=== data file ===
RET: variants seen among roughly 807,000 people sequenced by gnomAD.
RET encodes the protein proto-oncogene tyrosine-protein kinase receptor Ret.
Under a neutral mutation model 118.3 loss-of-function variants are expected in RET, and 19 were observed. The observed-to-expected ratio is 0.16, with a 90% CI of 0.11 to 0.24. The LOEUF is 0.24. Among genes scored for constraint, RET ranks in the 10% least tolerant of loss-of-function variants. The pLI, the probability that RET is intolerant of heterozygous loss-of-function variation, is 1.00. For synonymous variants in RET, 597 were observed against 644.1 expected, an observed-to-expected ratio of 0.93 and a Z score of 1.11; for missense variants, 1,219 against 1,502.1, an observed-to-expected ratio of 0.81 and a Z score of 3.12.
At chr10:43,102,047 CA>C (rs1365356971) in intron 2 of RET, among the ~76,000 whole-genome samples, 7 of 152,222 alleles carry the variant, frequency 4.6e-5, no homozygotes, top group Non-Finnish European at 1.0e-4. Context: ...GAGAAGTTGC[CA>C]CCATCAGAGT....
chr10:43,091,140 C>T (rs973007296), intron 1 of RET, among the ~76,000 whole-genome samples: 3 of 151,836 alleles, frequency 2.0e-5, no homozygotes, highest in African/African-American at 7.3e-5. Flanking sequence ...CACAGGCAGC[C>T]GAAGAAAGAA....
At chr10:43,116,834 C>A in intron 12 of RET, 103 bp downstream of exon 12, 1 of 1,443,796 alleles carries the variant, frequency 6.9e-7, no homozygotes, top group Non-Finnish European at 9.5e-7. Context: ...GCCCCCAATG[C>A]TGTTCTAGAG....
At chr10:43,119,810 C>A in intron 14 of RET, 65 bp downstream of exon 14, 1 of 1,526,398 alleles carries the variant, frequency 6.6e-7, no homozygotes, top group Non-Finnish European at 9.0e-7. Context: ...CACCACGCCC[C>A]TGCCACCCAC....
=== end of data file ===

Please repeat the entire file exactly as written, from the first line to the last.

RET: variants seen among roughly 807,000 people sequenced by gnomAD.
RET encodes the protein proto-oncogene tyrosine-protein kinase receptor Ret.
Under a neutral mutation model 118.3 loss-of-function variants are expected in RET, and 19 were observed. The observed-to-expected ratio is 0.16, with a 90% CI of 0.11 to 0.24. The LOEUF is 0.24. Among genes scored for constraint, RET ranks in the 10% least tolerant of loss-of-function variants. The pLI, the probability that RET is intolerant of heterozygous loss-of-function variation, is 1.00. For synonymous variants in RET, 597 were observed against 644.1 expected, an observed-to-expected ratio of 0.93 and a Z score of 1.11; for missense variants, 1,219 against 1,502.1, an observed-to-expected ratio of 0.81 and a Z score of 3.12.
At chr10:43,102,047 CA>C (rs1365356971) in intron 2 of RET, among the ~76,000 whole-genome samples, 7 of 152,222 alleles carry the variant, frequency 4.6e-5, no homozygotes, top group Non-Finnish European at 1.0e-4. Context: ...GAGAAGTTGC[CA>C]CCATCAGAGT....
chr10:43,091,140 C>T (rs973007296), intron 1 of RET, among the ~76,000 whole-genome samples: 3 of 151,836 alleles, frequency 2.0e-5, no homozygotes, highest in African/African-American at 7.3e-5. Flanking sequence ...CACAGGCAGC[C>T]GAAGAAAGAA....
At chr10:43,116,834 C>A in intron 12 of RET, 103 bp downstream of exon 12, 1 of 1,443,796 alleles carries the variant, frequency 6.9e-7, no homozygotes, top group Non-Finnish European at 9.5e-7. Context: ...GCCCCCAATG[C>A]TGTTCTAGAG....
At chr10:43,119,810 C>A in intron 14 of RET, 65 bp downstream of exon 14, 1 of 1,526,398 alleles carries the variant, frequency 6.6e-7, no homozygotes, top group Non-Finnish European at 9.0e-7. Context: ...CACCACGCCC[C>A]TGCCACCCAC....